The states of life and death, ex­plored

The Irish Times - Friday - The Ticket - - MUSIC REVIEWS - LAU­REN MUR­PHY

If there’s one thing that you can’t ac­cuse Suf­jan Stevens of, it’s ho­mo­gene­ity. The Detroit-born indie-folk de­ity has con­sis­tently keep his fan­base on their toes, plun­der­ing the depths of hushed, in­ti­mate sto­ry­telling folk on

Seven Swans, rev­el­ling in elec­tronic pop on The Age of Adz, dab­bling in hip-hop with his Sisy­phus side-project, and flirt­ing with the main­stream – or as close as he will get – on Illi­nois. He is not an easy artist to clas­sify.

Stevens’ sev­enth stu­dio al­bum re­veals yet an­other facet of his canon. In­formed by the death of his mother in 2012 – and named for her and his step-fa­ther, the co-founder of his Asth­matic Kitty la­bel – Car­rie & Low­ell is an in­ti­mate por­trait of death, love and mor­tal­ity.

At times, th­ese songs are un­bear­ably in­ti­mate; open­ing track Death With Dig­nity paints such a painfully evoca­tive im­age of the in­evitable, yet is kept afloat by the lithe, del­i­cately plucked gui­tar notes that dance un­der Stevens’ hushed vo­cals. It feels al­most in­tru­sive to lis­ten to Eu­gene, a dap­pled snap­shot of a child­hood hol­i­day, or the self-re­flec­tive tur­moil of Fourth of July. The sad songs go hand in hand with Steven’s own re­flec­tions on love, as heard on All of Me Wants All of You, his lyrics read­ing more and more like po­etry with each al­bum.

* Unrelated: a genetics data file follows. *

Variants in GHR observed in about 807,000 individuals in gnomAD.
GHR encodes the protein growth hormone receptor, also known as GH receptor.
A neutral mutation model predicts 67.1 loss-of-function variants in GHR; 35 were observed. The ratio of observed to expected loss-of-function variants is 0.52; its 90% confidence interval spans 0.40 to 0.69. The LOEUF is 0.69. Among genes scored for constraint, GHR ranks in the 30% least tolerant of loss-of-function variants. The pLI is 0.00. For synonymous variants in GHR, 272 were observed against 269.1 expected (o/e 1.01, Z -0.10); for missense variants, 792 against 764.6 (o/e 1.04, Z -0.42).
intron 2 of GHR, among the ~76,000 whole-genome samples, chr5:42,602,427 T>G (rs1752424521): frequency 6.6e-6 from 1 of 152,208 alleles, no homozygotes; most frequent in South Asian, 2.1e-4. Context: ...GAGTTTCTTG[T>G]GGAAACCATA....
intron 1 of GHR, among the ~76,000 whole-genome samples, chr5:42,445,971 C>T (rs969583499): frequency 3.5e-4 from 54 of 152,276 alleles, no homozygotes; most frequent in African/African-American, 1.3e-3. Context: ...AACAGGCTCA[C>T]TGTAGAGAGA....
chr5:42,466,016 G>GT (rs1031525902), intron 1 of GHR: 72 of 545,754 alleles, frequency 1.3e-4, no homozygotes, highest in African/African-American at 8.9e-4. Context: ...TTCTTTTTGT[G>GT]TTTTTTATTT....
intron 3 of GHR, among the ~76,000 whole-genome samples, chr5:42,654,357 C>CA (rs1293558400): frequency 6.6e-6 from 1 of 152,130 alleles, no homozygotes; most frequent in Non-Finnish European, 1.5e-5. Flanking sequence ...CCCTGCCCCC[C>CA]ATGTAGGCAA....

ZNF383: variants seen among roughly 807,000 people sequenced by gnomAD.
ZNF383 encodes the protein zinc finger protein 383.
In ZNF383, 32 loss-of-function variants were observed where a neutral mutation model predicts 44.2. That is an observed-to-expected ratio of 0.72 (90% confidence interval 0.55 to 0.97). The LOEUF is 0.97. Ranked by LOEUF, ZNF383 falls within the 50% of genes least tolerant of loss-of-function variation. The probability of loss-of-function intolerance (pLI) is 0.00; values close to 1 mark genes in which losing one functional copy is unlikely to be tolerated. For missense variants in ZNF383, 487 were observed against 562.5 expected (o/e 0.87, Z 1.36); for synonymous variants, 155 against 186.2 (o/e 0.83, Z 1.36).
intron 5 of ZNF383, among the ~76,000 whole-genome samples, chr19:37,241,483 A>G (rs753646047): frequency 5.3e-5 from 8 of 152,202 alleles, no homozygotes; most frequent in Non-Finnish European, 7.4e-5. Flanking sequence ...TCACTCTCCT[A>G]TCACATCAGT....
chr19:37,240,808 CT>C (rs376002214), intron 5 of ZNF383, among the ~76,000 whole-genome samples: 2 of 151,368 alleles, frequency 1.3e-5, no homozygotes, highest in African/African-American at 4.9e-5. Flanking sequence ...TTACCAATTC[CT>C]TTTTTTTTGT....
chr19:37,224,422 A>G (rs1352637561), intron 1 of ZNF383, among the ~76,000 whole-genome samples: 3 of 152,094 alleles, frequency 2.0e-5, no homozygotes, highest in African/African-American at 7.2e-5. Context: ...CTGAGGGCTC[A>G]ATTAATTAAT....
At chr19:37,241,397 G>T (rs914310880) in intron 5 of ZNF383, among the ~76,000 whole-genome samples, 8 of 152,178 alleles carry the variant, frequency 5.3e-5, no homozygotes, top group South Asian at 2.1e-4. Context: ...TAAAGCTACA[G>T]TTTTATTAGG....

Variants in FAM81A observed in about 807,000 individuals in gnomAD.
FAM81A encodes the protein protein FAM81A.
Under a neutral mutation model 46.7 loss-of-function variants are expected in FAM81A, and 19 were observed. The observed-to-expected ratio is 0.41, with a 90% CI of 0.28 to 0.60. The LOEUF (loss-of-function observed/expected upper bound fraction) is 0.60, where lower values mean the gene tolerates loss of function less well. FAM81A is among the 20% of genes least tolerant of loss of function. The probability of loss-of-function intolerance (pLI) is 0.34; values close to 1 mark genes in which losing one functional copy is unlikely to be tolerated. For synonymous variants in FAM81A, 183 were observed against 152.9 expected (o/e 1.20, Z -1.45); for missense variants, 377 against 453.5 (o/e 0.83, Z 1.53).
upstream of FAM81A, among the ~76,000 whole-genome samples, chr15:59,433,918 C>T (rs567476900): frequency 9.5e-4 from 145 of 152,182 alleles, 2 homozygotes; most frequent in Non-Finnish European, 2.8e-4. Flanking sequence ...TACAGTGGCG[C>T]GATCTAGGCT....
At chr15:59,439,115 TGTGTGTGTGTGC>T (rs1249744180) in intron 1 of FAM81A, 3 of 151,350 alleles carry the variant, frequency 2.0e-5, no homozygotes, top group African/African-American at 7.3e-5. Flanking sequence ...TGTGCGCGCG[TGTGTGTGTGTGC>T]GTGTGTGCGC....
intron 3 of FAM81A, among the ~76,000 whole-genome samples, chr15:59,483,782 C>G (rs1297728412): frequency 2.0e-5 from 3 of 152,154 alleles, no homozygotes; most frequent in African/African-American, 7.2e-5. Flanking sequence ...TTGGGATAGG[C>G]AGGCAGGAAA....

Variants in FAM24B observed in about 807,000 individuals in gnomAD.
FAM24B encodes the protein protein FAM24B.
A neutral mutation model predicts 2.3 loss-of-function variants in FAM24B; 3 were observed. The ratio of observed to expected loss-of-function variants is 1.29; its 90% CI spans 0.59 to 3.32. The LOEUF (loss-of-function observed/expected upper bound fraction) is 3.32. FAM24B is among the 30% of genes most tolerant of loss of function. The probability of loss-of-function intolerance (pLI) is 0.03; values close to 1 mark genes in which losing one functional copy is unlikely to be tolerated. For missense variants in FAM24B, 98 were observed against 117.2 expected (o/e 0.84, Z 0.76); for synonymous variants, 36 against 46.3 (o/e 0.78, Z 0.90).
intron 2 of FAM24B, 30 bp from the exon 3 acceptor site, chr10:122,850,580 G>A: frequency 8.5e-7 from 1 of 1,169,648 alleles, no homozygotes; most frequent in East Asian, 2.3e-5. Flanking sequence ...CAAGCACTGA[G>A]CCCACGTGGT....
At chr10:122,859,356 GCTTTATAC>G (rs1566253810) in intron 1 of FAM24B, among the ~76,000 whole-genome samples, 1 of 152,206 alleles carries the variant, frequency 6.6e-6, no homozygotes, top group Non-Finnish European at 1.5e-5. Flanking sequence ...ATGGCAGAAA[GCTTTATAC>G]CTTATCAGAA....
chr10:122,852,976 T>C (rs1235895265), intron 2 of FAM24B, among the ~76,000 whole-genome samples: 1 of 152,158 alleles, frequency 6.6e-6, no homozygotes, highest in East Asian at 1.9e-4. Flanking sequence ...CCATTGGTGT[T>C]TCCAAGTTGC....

An overblown sound­track would not have been suit­able for th­ese in­ner­most pro­fes­sions. As such, the ma­jor­ity of th­ese songs are led by sim­ple acous­tic gui­tar, oc­ca­sion­ally al­low­ing a faint pat­ter of elec­tron­ica ( John My Beloved), pi­ano riff ( My Blue Bucket) or soft sweep of strings ( Drawn to the Blood) to seep through. It’s an al­bum that you’ll need time to process, but it’s an achingly beau­ti­ful trib­ute. suf­

SUF­JAN STEVENS Car­rie & Low­ell Asth­matic Kitty

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